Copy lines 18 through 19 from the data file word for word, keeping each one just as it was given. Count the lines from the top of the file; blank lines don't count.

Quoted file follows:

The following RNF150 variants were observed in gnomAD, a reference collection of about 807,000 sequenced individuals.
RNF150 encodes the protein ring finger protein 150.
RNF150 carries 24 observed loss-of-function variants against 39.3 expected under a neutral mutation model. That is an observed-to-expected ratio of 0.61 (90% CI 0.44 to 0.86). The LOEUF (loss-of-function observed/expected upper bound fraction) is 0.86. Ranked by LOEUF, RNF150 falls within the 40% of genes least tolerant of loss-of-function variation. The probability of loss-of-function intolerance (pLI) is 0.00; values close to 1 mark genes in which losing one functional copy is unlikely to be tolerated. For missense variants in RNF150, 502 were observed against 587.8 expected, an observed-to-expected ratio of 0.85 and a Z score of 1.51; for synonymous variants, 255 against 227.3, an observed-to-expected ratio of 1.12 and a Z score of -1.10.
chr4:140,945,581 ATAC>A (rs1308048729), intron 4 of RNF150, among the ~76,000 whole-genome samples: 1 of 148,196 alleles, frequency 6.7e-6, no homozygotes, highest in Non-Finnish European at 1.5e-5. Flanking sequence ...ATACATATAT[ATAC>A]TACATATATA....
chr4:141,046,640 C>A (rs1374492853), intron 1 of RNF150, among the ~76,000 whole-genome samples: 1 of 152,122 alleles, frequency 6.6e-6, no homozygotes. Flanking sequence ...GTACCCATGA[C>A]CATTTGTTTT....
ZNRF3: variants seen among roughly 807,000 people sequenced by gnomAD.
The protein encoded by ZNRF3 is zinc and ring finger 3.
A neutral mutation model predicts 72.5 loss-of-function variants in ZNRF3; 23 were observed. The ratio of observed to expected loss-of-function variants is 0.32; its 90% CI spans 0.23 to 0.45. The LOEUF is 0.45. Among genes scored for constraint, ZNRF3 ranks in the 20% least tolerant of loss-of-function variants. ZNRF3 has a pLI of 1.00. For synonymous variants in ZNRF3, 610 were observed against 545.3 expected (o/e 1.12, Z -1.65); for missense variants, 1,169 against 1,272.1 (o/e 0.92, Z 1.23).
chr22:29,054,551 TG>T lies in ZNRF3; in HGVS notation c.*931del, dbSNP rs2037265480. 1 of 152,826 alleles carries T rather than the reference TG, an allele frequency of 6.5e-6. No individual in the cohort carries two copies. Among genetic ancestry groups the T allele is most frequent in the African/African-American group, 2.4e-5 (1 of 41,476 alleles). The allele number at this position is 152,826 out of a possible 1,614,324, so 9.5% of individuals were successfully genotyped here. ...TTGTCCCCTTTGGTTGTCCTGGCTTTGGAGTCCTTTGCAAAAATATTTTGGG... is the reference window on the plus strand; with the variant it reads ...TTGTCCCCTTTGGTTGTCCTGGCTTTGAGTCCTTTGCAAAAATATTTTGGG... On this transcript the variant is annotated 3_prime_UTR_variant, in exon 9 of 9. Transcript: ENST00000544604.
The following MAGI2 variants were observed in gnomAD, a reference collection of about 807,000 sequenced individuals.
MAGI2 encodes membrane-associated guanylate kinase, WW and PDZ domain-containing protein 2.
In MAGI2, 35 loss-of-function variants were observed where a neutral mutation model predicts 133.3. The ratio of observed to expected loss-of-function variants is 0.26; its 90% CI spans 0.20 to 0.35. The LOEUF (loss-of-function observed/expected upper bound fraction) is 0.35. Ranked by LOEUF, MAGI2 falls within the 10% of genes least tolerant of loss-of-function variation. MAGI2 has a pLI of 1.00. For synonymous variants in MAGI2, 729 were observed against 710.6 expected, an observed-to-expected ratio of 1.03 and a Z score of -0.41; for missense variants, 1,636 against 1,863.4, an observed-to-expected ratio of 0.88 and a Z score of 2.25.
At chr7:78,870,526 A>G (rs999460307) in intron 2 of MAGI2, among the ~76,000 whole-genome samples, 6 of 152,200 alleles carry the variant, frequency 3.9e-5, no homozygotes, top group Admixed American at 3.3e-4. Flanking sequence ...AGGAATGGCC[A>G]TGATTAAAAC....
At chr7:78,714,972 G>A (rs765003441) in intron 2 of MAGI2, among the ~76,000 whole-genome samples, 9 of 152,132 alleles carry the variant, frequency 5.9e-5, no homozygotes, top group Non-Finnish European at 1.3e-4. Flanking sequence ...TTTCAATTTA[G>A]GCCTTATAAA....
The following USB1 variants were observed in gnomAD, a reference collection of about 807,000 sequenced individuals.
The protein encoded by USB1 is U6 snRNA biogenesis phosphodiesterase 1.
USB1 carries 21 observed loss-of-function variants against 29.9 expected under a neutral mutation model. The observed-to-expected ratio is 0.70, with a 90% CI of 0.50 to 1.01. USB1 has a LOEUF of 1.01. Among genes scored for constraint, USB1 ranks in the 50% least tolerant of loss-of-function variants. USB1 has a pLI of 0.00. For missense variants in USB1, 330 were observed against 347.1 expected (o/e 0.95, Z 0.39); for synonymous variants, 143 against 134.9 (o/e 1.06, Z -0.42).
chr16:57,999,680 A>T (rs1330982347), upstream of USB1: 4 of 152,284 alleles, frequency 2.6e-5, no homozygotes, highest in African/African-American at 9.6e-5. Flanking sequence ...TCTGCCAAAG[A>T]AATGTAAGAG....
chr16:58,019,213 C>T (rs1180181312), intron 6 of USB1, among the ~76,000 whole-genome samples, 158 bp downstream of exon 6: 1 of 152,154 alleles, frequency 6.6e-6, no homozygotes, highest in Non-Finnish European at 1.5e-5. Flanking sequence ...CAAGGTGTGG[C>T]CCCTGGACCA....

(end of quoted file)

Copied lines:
chr16:57,999,680 A>T (rs1330982347), upstream of USB1: 4 of 152,284 alleles, frequency 2.6e-5, no homozygotes, highest in African/African-American at 9.6e-5. Flanking sequence ...TCTGCCAAAG[A>T]AATGTAAGAG....
chr16:58,019,213 C>T (rs1180181312), intron 6 of USB1, among the ~76,000 whole-genome samples, 158 bp downstream of exon 6: 1 of 152,154 alleles, frequency 6.6e-6, no homozygotes, highest in Non-Finnish European at 1.5e-5. Flanking sequence ...CAAGGTGTGG[C>T]CCCTGGACCA....